The mother of the twin girls at the police station said she had no regrets over attempting to flee Egypt, despite the trauma her family experienced at sea and the hardship of being held in detention ever since.

“We were running away from death,” said the mother. “We said to ourselves, 'We might die anyway', but at least we had some hope for something when we got on the boat.”

You May Like

Ebola Death Toll Nears 5,000 as Virus Advances

West Africa bears heaviest burden; Mali toddler’s death raises new fears More

Jordan’s Battle With Islamic State Militants Carries Domestic Risks

There are Western concerns Islamic State militants soon may unleash offensive in kingdom that could create upheaval - though nation has solid intel, grip on banking system More

Asian-Americans Assume Office in Record Numbers

Steadily deepening engagement in local politics pays off for politicians like Chinese-American Judy Chu More

Featured Videos

Your JavaScript is turned off or you have an old version of Adobe's Flash Player. Get the latest Flash player.
After Decades of Pressure, Luxembourg Drops Bank Secrecy Rulesi
X
October 21, 2014 12:20 AM
European Union finance ministers have reached a breakthrough agreement that will make it more difficult for tax cheats to hide their money. The new legislation, which had been blocked for years by countries with a reputation as tax havens, was approved last week after Luxembourg and Austria agreed to lift their vetoes. But as Mil Arcega reports, it doesn’t mean tax cheats have run out of places to keep their money hidden.
Video

Video After Decades of Pressure, Luxembourg Drops Bank Secrecy Rules

European Union finance ministers have reached a breakthrough agreement that will make it more difficult for tax cheats to hide their money. The new legislation, which had been blocked for years by countries with a reputation as tax havens, was approved last week after Luxembourg and Austria agreed to lift their vetoes. But as Mil Arcega reports, it doesn’t mean tax cheats have run out of places to keep their money hidden.
Video

Video Kobani Refugees Welcome, Turkey Criticizes, US Airdrop

Residents of Kobani in northern Syria have welcomed the airdrop of weapons, ammunition and medicine to Kurdish militia who are resisting the seizure of their city by Islamic State militants. The Turkish government, however, has criticized the operation. VOA’s Scott Bobb reports from southeastern Turkey, across the border from Kobani.
Video

Video China Political Meeting Seeks to Improve Rule of Law

China’s communist leaders will host a top level political meeting this week, called the Fourth Plenum, and for the first time in the party’s history, rule of law will be a key item on the agenda. Analysts and Chinese media reports say the meetings could see the approval of long-awaited measures aimed at giving courts more independence and include steps to enhance an already aggressive and high-reaching anti-corruption drive. VOA’s Bill Ide has more from Beijing.
Video

Video US ‘Death Cafes’ Put Focus on the Finale

In contemporary America, death usually is a topic to be avoided. But the growing “death café” movement encourages people to discuss their fears and desires about their final moments. VOA’s Jerome Socolovsky reports.
Video

Video Ebola Orphanage Opens in Sierra Leone

Sierra Leone's first Ebola orphanage has opened in the Kailahun district. Hundreds of children orphaned since the beginning of the Ebola outbreak face stigma and rejection with nobody to care for them. Adam Bailes reports for VOA about a new interim care center that's aimed at helping the growing number of children affected by Ebola.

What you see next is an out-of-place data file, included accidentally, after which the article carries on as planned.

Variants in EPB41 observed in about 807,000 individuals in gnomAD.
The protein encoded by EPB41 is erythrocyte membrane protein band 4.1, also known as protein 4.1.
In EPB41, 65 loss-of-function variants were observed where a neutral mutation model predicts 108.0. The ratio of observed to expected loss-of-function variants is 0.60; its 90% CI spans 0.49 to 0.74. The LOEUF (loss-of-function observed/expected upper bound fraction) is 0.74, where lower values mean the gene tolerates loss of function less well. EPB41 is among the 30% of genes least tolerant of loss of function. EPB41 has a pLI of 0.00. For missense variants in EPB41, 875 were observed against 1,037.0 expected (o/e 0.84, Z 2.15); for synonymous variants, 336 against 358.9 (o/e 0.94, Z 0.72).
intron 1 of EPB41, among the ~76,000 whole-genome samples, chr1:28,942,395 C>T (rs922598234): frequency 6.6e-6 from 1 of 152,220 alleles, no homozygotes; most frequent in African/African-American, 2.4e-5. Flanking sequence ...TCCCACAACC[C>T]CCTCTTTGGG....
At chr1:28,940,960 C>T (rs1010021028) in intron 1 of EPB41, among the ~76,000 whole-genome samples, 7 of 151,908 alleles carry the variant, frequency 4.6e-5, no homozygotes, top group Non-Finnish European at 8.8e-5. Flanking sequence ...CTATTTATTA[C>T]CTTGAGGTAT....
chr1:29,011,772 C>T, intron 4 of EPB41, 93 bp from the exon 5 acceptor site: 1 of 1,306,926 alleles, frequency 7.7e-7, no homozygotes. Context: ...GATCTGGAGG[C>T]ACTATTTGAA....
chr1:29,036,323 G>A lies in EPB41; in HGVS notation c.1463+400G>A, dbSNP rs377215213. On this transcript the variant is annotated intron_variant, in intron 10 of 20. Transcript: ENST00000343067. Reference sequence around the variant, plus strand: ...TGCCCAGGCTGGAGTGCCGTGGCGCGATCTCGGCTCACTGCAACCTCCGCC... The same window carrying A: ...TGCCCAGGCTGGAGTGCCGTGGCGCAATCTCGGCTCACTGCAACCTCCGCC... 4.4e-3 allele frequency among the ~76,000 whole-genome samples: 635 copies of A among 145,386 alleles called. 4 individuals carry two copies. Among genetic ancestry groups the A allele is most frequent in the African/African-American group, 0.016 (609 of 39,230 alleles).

Video

Video Young Nairobi Tech Innovator on 'Track' in Security Business

A 24-year-old technology innovator in Nairobi has invented a tracking device that monitors and secures cars. He has also come up with what he claims is the most robust audio-visual surveillance system yet. As Lenny Ruvaga reports from the Kenyan capital, his innovations are offering alternative security solutions.
Video

Video Latinas Converting to Islam for Identity, Structure

Latinos are one of the fastest growing groups in the Muslim religion. According to the Pew Research Center, about 6 percent of American Muslims are Latino. And a little more than half of new converts are female. VOA’s Carolyn Presutti travelled to Miami, Florida -- where two out of every three residents is Hispanic -- to learn more.
Video

Video Exclusive: American Joins Kurds' Anti-IS Fight

The United States and other Western nations have expressed alarm about their citizens joining Islamic State forces in Syria and Iraq. In a rare counterpoint to the phenomenon, an American has taken up arms with the militants' Syrian Kurdish opponents. Elizabeth Arrott has more in this exclusive profile by VOA Kurdish reporter Zana Omer in Ras al Ayn, Syria.
Video

Video South Korea Confronts Violence Within Military Ranks

Every able-bodied South Korean male between 18 and 35 must serve for 21 to 36 months in the country’s armed forces, depending upon the specific branch. For many, service is a rite of passage to manhood. But there are growing concerns that bullying and violence come along with the tradition. Reporter Jason Strother has more from Seoul.
Video

Video North Carolina Emerges as Key Election Battleground

U.S. congressional midterm elections will be held on November 4th and most political analysts give Republicans an excellent chance to win a majority in the U.S. Senate, which Democrats now control. So what are the issues driving voters in this congressional election year? VOA National Correspondent Jim Malone traveled to North Carolina, one of the most politically competitive states in the country, to find out.
Video

Video Comanche People Maintain Pride in Their Heritage

The Comanche (Indian nation) once were called the “Lords of the Plains,” with an empire that included half the land area of current day Texas, large parts of Oklahoma, New Mexico, Kansas and Colorado.The fierceness and battle prowess of these warriors on horseback delayed the settlement of most of West Texas for four decades. VOA’s Greg Flakus reports from Lawton, Oklahoma, that while their warrior days are over, the 15,000 members of the Comanche Nation remain a proud people.
Video

Video Turkey Campus Attacks Raise Islamic Radicalization Fears

Concerns are growing in Turkey of Islamic radicalization at some universities, after clashes between supporters of the jihadist group Islamic State (IS) or ISIS, and those opposed to the extremists. Pro-jihadist literature is on sale openly on the streets of Istanbul. Critics accuse the government of turning a blind eye to radicalism at home, while Kurds accuse the president of supporting IS - a charge strongly denied. Henry Ridgwell reports from London.

All About America

AppleAndroid